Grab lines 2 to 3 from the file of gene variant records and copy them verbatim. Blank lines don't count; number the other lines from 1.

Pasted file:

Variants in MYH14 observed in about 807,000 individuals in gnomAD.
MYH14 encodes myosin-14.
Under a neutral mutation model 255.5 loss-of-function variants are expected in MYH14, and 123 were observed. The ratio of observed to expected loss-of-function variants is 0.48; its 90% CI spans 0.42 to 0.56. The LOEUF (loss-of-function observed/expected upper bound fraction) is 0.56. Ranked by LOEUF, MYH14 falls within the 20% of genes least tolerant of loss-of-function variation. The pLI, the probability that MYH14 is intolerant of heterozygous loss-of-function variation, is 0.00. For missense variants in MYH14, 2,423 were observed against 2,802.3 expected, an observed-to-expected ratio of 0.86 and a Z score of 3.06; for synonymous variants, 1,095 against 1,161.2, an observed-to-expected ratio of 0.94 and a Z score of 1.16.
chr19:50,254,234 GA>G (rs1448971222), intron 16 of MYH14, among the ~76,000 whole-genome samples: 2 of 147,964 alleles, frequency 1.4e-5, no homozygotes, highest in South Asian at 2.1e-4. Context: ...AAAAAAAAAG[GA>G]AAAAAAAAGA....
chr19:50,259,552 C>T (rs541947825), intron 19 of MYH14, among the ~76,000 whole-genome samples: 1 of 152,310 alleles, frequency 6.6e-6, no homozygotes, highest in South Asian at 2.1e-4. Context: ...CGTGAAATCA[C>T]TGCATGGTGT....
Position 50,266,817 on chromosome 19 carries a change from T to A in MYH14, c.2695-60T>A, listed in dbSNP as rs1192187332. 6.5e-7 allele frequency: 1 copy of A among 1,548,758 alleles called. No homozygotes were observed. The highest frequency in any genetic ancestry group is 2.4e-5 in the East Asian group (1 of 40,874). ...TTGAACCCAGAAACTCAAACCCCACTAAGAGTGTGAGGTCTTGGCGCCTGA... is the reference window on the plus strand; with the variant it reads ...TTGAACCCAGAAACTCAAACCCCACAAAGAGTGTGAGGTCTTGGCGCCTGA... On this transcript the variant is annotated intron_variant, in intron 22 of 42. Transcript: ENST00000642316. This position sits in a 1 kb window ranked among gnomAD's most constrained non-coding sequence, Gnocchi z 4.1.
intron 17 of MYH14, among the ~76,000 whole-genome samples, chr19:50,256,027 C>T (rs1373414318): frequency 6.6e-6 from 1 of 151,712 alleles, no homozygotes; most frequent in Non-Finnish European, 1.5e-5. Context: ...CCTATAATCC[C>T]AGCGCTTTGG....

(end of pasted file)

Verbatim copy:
MYH14 encodes myosin-14.
Under a neutral mutation model 255.5 loss-of-function variants are expected in MYH14, and 123 were observed. The ratio of observed to expected loss-of-function variants is 0.48; its 90% CI spans 0.42 to 0.56. The LOEUF (loss-of-function observed/expected upper bound fraction) is 0.56. Ranked by LOEUF, MYH14 falls within the 20% of genes least tolerant of loss-of-function variation. The pLI, the probability that MYH14 is intolerant of heterozygous loss-of-function variation, is 0.00. For missense variants in MYH14, 2,423 were observed against 2,802.3 expected, an observed-to-expected ratio of 0.86 and a Z score of 3.06; for synonymous variants, 1,095 against 1,161.2, an observed-to-expected ratio of 0.94 and a Z score of 1.16.